Sheep’s eye reveals how much stressed out they are

Subtle changes detected in eye temperature can indicate animal stress.

Eye temperature measured using infrared thermography (IRT) can be used as a non-invasive measure of autonomic nervous system (ANS) activity in cattle. A new study by the AgResearch aimed to evaluate ANS activity in sheep using infrared thermography.

The technology is non-invasive and can effectively detect the presence of disease or inflammation in animals that may require further investigation.

After demonstrating that infrared thermography could be used to measure stress in cattle, scientists undertook similar research to understand the stress level sheep may be experiencing.

Twenty, 2 to 4-year-old Romney ewes were randomly assigned to the study. Scientists focused on temperature changes of the eye region as a measure of stress and activation of the autonomic nervous system. 

By comparing ewes injected with epinephrine (also known as adrenaline) and those without, they were able to detect a subtle difference in temperature change as measured from the eye.

AgResearch senior scientist Dr. Mhairi (pronounced Vaa-ree) Sutherland said“We focused on the eye region of the sheep given that it is free of wool and can, therefore, provide an area to measure that is not obstructed, but we did look at other areas of the body such as the ear, where there may also be the potential to detect changes in temperature that relate to stress.”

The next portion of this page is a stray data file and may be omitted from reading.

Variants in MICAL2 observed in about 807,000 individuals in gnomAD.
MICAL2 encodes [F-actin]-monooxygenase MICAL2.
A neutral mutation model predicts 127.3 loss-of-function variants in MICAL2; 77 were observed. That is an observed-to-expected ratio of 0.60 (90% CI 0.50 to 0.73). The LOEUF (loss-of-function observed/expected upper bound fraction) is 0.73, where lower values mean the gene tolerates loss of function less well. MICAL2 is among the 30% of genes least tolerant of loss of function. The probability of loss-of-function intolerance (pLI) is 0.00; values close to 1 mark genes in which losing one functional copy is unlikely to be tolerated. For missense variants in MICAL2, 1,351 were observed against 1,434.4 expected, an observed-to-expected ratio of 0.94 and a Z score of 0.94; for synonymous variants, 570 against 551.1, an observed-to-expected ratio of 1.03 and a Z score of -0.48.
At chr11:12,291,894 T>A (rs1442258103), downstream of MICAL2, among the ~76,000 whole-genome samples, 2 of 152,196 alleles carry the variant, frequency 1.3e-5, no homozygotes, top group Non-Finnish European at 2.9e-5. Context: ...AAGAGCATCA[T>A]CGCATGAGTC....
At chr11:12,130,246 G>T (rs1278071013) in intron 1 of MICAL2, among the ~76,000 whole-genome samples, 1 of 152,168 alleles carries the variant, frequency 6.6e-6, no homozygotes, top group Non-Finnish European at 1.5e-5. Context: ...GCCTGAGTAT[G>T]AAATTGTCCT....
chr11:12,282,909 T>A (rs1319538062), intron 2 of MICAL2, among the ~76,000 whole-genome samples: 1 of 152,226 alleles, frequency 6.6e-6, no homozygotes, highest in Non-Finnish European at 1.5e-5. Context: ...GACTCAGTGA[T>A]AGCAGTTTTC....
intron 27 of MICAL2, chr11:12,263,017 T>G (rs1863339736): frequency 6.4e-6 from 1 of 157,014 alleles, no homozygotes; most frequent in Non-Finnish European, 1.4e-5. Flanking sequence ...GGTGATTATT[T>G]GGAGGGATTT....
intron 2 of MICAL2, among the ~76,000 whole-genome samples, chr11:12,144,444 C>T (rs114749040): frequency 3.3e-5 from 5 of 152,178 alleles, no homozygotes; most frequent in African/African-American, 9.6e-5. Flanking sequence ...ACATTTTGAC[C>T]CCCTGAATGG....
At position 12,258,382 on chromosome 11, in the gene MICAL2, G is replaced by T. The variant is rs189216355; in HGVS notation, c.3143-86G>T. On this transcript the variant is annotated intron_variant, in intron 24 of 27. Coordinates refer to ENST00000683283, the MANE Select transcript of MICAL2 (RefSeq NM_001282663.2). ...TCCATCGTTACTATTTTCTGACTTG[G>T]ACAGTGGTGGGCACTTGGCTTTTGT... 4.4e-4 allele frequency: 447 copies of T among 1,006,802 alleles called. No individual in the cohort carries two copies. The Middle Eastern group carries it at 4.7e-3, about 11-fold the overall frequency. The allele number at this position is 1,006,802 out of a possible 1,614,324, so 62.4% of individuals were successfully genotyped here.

“At this stage, infrared thermography is being used primarily as a research tool in this area, but there is certainly potential for this technology to be integrated into farming systems, where animals may, for example, be directed to pass by an infrared thermography device checkpoint to take measurements relating to stress or health. Once you have the tools to measure stress levels in animals, you can, of course, then look at what situations or circumstances are causing more stress for the animals, and how you can adapt farming practices to reduce this and enhance their welfare.”

“Our experience is that farmers want the best for their animals and are open to how to evolve their practices, and we know those good welfare standards are also an important factor for consumers of food and fiber produced in New Zealand.”

Journal Reference:
  1. Mhairi A. Sutherland et al. Evaluation of infrared thermography as a non-invasive method of measuring the autonomic nervous response in sheep. DOI: 10.1371/journal.pone.0233558

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